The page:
Skip to main content

What challenges do EVs pose for electricity infrastructure?

By 10 July 2017March 22nd, 2018No Comments

How the growing number of electric vehicles will affect New Zealand’s electricity infrastructure is an issue Drive Electric has been investigating.

The not-for-profit group’s latest white paper Peak Pressure: what challenges do electric vehicles pose to New Zealand’s electricity grid? suggests co-operation between electricity wholesalers, retailers and the vehicle industry is key.

Drive Electric board member Eric Pellicer, from Powerco, who contributed to the paper, says the groups need to work together.

That’s because, unlike homes, it is difficult to track where on the grid EVs will be charging at any one time.

“There will be hotspots and we have no idea where they will be. Then all of a sudden you’ve doubled the peak,” he says.

“EVs are less than 1% of the fleet, which is still ahead of our target for this year.

“But in some parts you have 10% EVs and in some parts you have none.”

One of the key ways the groups could work together would be to set up a form of EV or EV charger registration.

“If there was a way people could register their EVs at the dealership, that’s where the collaboration comes in.

“Or alternatively, new EV owners could be encouraged to register chargers with their power provider. That way we will have more information about where the EVs are located around the country”

But Pellicer reiterates it will only work if all the different groups co-operate.

“We need to plan for the challenges ahead.

“Networks are not designed with excessive headroom because that would be uneconomical for consumers.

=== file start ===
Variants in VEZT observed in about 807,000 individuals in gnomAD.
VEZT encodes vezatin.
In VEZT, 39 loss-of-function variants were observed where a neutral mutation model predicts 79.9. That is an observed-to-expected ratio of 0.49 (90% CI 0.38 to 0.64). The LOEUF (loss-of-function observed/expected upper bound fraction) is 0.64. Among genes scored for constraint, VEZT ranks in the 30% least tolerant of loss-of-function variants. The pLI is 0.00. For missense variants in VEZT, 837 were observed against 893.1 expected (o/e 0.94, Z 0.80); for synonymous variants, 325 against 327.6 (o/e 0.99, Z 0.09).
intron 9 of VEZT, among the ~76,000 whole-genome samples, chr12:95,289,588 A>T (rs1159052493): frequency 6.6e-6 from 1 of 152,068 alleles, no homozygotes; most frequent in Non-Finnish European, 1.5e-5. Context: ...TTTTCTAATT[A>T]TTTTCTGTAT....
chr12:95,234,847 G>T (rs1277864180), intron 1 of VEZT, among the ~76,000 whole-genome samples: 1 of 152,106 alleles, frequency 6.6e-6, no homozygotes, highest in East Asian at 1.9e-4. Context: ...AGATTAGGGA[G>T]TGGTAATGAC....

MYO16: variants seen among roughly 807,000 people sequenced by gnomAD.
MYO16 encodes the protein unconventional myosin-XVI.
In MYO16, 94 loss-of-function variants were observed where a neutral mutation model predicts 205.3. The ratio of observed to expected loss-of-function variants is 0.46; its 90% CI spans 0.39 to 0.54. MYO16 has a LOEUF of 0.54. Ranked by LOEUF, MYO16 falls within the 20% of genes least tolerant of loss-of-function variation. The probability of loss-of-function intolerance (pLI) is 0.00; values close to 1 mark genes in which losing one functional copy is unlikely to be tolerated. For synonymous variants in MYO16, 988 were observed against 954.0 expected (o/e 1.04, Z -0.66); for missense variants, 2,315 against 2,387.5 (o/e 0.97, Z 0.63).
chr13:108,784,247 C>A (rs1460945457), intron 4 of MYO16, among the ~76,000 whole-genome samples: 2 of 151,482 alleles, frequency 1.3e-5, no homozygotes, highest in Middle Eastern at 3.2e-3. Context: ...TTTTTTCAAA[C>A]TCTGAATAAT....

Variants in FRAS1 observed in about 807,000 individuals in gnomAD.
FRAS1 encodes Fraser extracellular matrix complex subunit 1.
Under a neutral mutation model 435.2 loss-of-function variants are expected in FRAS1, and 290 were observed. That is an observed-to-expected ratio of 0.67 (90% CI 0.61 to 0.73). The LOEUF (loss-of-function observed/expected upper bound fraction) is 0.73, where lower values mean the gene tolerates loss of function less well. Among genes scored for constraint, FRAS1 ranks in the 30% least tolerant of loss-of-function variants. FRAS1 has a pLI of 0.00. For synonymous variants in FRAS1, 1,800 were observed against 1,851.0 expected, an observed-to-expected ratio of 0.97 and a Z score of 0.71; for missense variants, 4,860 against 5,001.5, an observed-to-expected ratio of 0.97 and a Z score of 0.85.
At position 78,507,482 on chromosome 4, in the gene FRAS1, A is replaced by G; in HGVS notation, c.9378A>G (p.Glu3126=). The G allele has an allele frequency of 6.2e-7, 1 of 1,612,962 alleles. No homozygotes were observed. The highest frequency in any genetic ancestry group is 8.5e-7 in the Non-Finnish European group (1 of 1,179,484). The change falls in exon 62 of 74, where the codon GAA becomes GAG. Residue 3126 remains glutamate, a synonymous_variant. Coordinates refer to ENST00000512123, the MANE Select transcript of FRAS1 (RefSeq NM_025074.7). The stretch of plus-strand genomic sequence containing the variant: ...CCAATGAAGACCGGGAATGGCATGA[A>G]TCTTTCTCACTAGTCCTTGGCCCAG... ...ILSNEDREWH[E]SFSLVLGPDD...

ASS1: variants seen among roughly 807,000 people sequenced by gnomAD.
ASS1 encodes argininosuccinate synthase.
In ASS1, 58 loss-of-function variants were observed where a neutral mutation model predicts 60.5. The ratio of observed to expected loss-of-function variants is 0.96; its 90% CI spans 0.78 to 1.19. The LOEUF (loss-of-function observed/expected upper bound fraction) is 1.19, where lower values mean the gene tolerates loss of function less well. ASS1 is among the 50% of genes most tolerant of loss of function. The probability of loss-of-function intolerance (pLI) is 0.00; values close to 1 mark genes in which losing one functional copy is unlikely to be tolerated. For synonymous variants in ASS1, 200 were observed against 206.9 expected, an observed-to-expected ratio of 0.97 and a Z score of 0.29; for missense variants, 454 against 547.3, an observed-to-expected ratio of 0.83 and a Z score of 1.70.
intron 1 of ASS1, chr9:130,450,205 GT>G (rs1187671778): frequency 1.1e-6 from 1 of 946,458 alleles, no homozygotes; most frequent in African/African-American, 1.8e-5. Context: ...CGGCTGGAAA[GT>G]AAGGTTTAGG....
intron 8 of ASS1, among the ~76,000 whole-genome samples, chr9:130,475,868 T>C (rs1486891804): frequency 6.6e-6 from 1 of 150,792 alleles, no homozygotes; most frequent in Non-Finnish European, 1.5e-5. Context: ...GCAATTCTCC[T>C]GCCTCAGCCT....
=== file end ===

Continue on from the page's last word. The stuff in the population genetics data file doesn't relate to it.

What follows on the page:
“They have mainly been built to deliver what we think will be needed in 10, 15, 20 years’ time. But electric vehicles could completely change the mix in potentially a much shorter timeframe.”

Meridian general manager retail Neal Barclay says the times at which people charge their EVs could also be an issue.

The Drive Electric board member points out that some retailers are already trialling EV tariffs in an attempt to spread the charging load throughout the day.

Meridian, for example, provides significantly cheaper rates between 9pm and 7am in the main metro areas of Auckland, Wellington and Christchurch.

“How effective such ‘carrots’ are in practice depends on the attractiveness of the price difference between peak and off-peak.

“Much of that depends on the signals to the retailers provided by lines companies,” Barclay says.

He also believes the uptake of EVs will be quicker than most people think.

“EVs could be like mobile phones. Currently they’re more expensive than internal combustion engine-powered vehicles, but the price differential is closing fast and I believe they are going to take off a lot more quickly than most people are predicting.”

“If retailers and lines companies can effectively collaborate, we can come up with pricing that is sustainable and equitable between those who have EVs and those who don’t.”

The white paper, which was sponsored by Powerco and Meridian, includes research put together from round table discussions held by Drive Electric’s board and extended to include member input.

The organisation will release more white papers in the coming months.

Go to for more information.

Contact: Eric Pellicer: Phone 021 323 179 or email

Editor’s notes: Drive Electric is a not-for-profit group that includes many electricity and transport industry leaders on its board. It has several functions, including undertaking research about issues affecting electric vehicles, lobbying the government to continue setting ambitious targets for electric vehicle uptake and helping educate the public and companies about the benefits of EVs.